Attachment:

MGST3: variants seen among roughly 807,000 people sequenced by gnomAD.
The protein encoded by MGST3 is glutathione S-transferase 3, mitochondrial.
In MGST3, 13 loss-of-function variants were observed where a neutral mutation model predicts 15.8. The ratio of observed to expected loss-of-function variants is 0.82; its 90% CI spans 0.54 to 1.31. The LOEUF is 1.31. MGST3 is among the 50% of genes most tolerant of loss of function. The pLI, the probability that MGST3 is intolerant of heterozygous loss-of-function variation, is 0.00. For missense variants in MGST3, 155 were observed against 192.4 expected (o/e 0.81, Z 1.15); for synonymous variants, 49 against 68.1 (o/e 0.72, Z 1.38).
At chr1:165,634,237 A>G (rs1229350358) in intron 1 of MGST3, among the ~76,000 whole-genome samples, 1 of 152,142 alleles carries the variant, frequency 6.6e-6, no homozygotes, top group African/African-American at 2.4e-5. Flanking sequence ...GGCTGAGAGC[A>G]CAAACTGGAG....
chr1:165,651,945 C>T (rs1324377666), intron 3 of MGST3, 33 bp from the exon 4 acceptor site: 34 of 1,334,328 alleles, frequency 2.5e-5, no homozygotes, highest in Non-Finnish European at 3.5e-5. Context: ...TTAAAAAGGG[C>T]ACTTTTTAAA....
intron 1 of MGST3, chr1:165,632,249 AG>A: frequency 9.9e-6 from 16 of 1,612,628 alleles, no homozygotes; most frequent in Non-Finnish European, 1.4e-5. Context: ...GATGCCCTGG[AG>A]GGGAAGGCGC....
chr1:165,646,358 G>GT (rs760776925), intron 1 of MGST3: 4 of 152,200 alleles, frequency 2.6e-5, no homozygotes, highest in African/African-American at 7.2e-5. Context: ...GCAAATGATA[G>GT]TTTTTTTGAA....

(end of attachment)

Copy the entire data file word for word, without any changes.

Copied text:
MGST3: variants seen among roughly 807,000 people sequenced by gnomAD.
The protein encoded by MGST3 is glutathione S-transferase 3, mitochondrial.
In MGST3, 13 loss-of-function variants were observed where a neutral mutation model predicts 15.8. The ratio of observed to expected loss-of-function variants is 0.82; its 90% CI spans 0.54 to 1.31. The LOEUF is 1.31. MGST3 is among the 50% of genes most tolerant of loss of function. The pLI, the probability that MGST3 is intolerant of heterozygous loss-of-function variation, is 0.00. For missense variants in MGST3, 155 were observed against 192.4 expected (o/e 0.81, Z 1.15); for synonymous variants, 49 against 68.1 (o/e 0.72, Z 1.38).
At chr1:165,634,237 A>G (rs1229350358) in intron 1 of MGST3, among the ~76,000 whole-genome samples, 1 of 152,142 alleles carries the variant, frequency 6.6e-6, no homozygotes, top group African/African-American at 2.4e-5. Flanking sequence ...GGCTGAGAGC[A>G]CAAACTGGAG....
chr1:165,651,945 C>T (rs1324377666), intron 3 of MGST3, 33 bp from the exon 4 acceptor site: 34 of 1,334,328 alleles, frequency 2.5e-5, no homozygotes, highest in Non-Finnish European at 3.5e-5. Context: ...TTAAAAAGGG[C>T]ACTTTTTAAA....
intron 1 of MGST3, chr1:165,632,249 AG>A: frequency 9.9e-6 from 16 of 1,612,628 alleles, no homozygotes; most frequent in Non-Finnish European, 1.4e-5. Context: ...GATGCCCTGG[AG>A]GGGAAGGCGC....
chr1:165,646,358 G>GT (rs760776925), intron 1 of MGST3: 4 of 152,200 alleles, frequency 2.6e-5, no homozygotes, highest in African/African-American at 7.2e-5. Context: ...GCAAATGATA[G>GT]TTTTTTTGAA....